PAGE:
So I have been toying with the idea of building a hydrogen fuel cell car and using a fiero as the base. It would resemble a standard EV conversion but use a hydrogen fuel cell in place of a mountain of batteries. Well actually, there would need to be a couple batteries but only like 2. A hydrogen storage tank would go in the center tunnel in place of the fuel tank with the fuel cell in the front of the car. The compactness of the electric power train would free up much more trunk space on top of it. Sort of like the honda del sol's trunk. Easy right? Sort of...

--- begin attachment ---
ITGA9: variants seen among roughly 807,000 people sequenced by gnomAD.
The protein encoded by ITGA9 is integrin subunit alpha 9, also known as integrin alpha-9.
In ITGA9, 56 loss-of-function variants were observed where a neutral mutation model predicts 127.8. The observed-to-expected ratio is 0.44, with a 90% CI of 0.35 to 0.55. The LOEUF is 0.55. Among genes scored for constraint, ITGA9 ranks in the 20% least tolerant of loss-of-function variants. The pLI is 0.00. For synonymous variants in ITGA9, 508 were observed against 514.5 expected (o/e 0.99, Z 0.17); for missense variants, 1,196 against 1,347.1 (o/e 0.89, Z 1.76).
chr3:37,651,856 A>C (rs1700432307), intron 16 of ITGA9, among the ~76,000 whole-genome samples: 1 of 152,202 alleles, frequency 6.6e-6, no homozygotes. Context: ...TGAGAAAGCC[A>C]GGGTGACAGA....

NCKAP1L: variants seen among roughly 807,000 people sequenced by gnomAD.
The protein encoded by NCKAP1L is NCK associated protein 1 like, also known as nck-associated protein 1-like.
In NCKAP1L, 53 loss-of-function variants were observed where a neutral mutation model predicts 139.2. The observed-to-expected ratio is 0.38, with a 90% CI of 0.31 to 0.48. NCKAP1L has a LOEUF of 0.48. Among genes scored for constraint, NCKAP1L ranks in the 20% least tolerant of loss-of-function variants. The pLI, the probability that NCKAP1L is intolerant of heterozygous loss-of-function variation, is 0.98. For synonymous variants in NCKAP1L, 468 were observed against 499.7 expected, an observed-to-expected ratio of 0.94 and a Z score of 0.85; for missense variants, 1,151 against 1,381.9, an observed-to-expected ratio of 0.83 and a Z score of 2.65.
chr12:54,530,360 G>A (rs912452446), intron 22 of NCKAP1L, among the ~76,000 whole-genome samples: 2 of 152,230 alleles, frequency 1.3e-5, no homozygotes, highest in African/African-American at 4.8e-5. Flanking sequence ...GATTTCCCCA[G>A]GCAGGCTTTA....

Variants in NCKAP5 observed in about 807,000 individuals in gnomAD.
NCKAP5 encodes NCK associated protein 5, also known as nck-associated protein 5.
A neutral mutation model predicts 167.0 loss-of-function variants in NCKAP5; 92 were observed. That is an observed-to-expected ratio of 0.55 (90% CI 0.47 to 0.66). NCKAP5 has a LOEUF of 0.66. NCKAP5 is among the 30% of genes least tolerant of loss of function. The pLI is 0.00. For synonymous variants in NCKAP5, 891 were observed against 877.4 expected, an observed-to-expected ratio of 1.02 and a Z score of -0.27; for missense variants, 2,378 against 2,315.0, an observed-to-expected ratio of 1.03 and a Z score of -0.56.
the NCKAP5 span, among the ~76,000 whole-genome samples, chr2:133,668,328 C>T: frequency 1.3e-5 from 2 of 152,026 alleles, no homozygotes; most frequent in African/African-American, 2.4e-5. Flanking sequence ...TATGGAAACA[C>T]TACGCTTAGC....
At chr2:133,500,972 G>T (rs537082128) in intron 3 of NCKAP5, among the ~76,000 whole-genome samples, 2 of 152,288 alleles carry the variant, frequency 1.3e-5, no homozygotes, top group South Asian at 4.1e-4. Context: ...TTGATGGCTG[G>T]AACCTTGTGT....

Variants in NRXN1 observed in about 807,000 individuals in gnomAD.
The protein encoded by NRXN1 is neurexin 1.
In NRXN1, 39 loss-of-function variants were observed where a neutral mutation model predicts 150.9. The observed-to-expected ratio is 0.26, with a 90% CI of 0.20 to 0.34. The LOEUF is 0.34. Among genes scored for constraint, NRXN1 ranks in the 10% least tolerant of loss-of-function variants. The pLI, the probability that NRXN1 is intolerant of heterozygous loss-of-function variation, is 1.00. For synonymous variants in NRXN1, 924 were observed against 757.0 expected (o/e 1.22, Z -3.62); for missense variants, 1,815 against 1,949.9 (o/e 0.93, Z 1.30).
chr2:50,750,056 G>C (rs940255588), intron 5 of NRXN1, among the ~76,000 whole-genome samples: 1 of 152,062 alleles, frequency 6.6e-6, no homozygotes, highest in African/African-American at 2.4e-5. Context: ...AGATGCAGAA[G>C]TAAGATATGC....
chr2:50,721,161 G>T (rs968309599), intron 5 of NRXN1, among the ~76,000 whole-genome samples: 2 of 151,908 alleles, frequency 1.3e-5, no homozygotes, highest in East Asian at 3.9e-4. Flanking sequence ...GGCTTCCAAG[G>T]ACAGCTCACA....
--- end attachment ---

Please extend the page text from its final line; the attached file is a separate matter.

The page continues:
The hydrogen storage tank would contain metal hydride. The way this works is the hydrogen forced into the tank bonds with the hydride and actually gives a greater storage density than liquid hydrogen! It doesn't need to be frozen and it isn't under pressure when stored. The way you release the hydrogen is by heating the hydride. That separates the molecules and slowly releases them in small amounts which is perfect for a fuel cell. Current fuel cell prototypes compress the hydrogen to over 5000 psi. They are able to get around 300 miles on a tank at 60 mpg. Theoretically using hydride could allow a range of over 1000 miles per tank.